Cancer and infertility
Infertility occurs in about one in eight Australian couples.
Cancer occurs in approximately one in three Australian women. The most common cancers in Australian women are cancer of the breast (lifetime risk 1 in 14 women); bowel (1 in 25 women); lung (1 in 53); ovary (1 in 94) and pancreas (1 in 159).
Of the cancers of the sex organs, breast cancer is most common, occurring in 1 in 14 Australian women. The cause, or aetiology of breast cancer is unknown. Various factors or diseases make breast cancer more likely. Breast cancer in a mother or sister increases the risk, as does a non-cancerous or benign breast lump of some types.
Breast cancer is more common in infertile women. Some medical research suggests that cigarette smokers are at increased risk.
Monthly breast self-examination is recommended in all women. All lumps should be investigated immediately. Most breast lumps are benign. There is no screening method for breast cancer, although mammography detects small cancers.
Ovarian cancer occurs in about 1 in 90 women. Its aetiology is also unknown.
Ovarian cancer may also occur in families in 10-15% of cases.
Ovarian cancer has been reported to be more common in women who drink milk every day.
Ovarian cancer is also suggested to be more common if a woman uses talcum powder on her vulva for personal hygiene.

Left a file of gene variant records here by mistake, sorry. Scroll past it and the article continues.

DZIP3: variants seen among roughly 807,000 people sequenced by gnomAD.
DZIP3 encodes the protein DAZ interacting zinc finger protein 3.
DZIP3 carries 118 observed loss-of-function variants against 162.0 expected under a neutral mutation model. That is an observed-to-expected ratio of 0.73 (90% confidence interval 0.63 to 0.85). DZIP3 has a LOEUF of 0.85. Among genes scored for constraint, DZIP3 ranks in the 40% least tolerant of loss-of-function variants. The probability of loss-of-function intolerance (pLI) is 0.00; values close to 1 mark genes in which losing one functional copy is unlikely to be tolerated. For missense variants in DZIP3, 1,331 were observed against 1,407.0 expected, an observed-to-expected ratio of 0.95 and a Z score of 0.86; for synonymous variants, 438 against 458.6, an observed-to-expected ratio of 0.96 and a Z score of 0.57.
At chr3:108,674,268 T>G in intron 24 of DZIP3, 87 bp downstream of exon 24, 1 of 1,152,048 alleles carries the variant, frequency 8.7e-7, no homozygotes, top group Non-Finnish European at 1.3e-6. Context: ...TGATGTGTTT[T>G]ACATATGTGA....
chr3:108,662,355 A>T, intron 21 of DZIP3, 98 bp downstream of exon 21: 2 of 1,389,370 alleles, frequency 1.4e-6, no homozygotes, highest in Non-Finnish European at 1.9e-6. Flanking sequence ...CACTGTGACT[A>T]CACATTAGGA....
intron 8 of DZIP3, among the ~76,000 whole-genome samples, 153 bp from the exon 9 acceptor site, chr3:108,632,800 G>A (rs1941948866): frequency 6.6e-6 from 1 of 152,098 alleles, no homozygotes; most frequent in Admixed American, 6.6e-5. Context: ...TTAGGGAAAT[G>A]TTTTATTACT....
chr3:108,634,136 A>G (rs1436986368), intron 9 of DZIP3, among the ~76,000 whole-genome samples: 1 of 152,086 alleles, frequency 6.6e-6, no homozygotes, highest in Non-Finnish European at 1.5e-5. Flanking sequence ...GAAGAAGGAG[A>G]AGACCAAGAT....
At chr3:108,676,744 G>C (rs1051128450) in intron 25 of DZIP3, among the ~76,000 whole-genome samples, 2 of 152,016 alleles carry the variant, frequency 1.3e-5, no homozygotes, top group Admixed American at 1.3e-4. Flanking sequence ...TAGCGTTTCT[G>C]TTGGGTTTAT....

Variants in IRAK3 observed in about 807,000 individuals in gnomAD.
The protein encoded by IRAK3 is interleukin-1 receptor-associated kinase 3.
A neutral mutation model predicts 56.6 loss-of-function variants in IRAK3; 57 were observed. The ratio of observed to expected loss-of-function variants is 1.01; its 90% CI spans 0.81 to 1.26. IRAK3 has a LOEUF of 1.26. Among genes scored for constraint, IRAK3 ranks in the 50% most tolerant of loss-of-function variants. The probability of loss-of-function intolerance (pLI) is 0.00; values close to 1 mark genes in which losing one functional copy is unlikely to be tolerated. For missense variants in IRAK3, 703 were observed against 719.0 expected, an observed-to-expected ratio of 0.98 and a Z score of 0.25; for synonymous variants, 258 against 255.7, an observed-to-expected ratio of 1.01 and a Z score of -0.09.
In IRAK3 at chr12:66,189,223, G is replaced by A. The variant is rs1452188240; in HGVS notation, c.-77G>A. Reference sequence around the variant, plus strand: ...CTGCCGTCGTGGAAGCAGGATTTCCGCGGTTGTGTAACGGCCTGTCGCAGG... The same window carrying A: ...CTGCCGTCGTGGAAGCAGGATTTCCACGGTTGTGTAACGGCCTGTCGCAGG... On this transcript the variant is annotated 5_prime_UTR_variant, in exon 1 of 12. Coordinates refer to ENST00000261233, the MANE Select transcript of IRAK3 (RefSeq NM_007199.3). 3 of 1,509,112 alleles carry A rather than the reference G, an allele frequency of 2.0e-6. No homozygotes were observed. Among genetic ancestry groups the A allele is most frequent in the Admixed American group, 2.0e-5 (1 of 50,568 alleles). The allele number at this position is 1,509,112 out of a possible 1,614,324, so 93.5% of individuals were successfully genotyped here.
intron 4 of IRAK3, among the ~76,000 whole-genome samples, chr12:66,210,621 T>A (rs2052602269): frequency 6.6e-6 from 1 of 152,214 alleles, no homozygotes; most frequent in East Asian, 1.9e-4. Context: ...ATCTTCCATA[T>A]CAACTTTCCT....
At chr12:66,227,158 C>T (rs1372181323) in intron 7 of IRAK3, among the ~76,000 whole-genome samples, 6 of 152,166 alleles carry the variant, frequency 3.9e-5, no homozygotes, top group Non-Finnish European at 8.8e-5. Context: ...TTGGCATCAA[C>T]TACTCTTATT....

Ovarian cancer is also more common in infertile women.
Oral contraceptive pills decrease the risk of cancer of the ovaries. This remarkable advantage of “The Pill” occurs, not only while the women takes “The Pill”, but also for at least five years after stopping the pill, there is no screening method for ovarian cancer. Every woman is advised to have a gynaecological examination and “Pap Smear” every two years to minimise the risk of ovarian, uterine and cervical cancers.
The lifetime risk of cervical cancer is 1 in 95 women.
Cervical cancer can be screened by cervical cytology, by the Papanicolaou or pap smear. The aetiology of cervical cancer is related to sexual activity. For this reason, every woman having sexual intercourse should have a pap smear every 2 years. An increased number of sexual partners and a papilloma or wart virus infection also increase the general risk of development of cervical cancer.
A pap smear every 2 years, as well as regular gynaecological and breast examinations, are currently the best methods to prevent or detect women’s cancers.